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free vintage sewing patterns

Anyone else seen this?
Mochyn,Sally in Wales, Frewen ??

How would one go from online pattern to physical pattern to sew from?

Would you need to bring the file to an office store with a large printer, or would you print out a pdf in lots of small pages and tape them together, or something like that?

Trace them off the screen?

You draw a "block" to start off with; using your own body measurements and then start to work it up in a toile from there.

So the pattern is a scale model, but as no one is really a proper, regular size you fit and tweak and adjust patterns even if you have a full paper tissue in front of you. Very Happy

But you knew that already didn't you're just teasing.

No, I didn't know that! Well I knew that we're not all "regular" sizes, but I didn't know how to go from the site to the tissue paper I remember my father using.

I'm not sure I get it still.... Laughing

So, you have some reference measurements (i.e., waist, inseam, or whatever) and you see that the hem is x times longer than the waist and just work from that?

I think my father was only ever doing things where you stitch where that pattern says to stitch.

I guess my question could be, how would I go from this webpage: to actually cutting the fabric?

You take a lot of measurements - chest, waist, hip, bicep, neck, back and work those up into a basic pattern.

you have that then you have something to transpose the pattern pieces over

Ok - let me try again. You take a lot of measurements

Then you use those to draw out a basic template that will fit you

(This is a bodice obviously)

Then you can start to use the pattern shapes you have,superimposed over your own "block" to make a mock up called a toile in calico fabric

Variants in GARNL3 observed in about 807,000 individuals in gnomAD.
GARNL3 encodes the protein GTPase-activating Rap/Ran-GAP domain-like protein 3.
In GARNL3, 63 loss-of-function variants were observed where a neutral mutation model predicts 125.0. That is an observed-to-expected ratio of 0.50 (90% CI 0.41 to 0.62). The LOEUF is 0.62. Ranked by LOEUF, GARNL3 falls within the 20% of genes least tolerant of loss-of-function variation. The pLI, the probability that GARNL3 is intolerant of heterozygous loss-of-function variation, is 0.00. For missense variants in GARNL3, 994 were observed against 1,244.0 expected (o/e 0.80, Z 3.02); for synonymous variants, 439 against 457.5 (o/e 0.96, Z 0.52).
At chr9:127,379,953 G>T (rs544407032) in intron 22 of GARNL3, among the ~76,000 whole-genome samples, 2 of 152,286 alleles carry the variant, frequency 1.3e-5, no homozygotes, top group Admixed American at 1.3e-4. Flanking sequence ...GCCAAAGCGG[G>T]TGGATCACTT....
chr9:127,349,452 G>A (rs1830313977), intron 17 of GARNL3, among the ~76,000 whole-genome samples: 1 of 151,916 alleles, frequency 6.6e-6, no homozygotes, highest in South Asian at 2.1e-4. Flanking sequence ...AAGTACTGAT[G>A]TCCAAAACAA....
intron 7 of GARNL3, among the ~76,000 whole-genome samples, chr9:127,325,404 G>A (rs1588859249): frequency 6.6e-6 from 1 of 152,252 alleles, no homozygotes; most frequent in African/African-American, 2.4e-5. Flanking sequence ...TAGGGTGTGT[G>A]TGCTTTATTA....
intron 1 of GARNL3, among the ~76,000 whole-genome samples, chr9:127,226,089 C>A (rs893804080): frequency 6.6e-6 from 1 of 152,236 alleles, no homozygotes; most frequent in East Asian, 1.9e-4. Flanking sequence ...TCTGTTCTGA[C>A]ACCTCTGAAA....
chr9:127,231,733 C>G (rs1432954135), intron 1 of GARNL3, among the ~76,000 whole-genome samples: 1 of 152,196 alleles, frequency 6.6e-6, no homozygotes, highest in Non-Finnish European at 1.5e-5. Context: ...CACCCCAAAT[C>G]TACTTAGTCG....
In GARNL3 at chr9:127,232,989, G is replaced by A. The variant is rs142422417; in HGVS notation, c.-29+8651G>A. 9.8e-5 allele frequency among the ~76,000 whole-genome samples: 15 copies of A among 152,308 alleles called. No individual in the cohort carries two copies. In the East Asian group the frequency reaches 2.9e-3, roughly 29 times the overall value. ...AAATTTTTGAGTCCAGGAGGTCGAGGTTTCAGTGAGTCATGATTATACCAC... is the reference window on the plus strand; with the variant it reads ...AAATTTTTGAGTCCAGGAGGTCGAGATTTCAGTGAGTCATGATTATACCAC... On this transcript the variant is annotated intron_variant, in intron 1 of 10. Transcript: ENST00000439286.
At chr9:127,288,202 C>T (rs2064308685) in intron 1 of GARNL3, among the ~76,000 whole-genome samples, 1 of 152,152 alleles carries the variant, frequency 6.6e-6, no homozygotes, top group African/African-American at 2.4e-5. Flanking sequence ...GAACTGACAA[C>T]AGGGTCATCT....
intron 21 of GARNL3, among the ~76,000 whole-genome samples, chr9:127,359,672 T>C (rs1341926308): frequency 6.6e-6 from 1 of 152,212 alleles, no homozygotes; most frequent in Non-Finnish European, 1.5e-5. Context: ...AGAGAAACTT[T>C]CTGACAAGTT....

(this is a jacket).

Once you have fitted and tweaked then that calico piece becomes your final pattern.

So from those patterns I'd be looking at the schematic diagram

See the little thing on the bottom left hand side? That's what I'd be working from.

Does that make sense? There is a lot of trial and error and tweaking involved, but it is easier (sometimes) than drafting straight off the body, which is what some people do. Smile

Thanks! I think I get it.

And that's the beauty of the sewing mannequin adjusted to the dimensions of the person the garment is being planned for, yes? Throw the pieces on it and see how they'll fit together, etc...

I can see why it would be fun to put clothing together, though not for the clothing that I typically wear.

Absolutely - and for someone like me who's quite "wonky" on the one hand and "broad waisted" on the other - it means that I can actually get something to fit !
Mistress Rose

Another plus with hand made clothes is that they last a lot longer. I still have clothes I made that are 40 years old. In fact the only reason the ones my mother made me as a child are not still with me is because they wouldn't fit any more, and also unsuitable for a rather mature adult.
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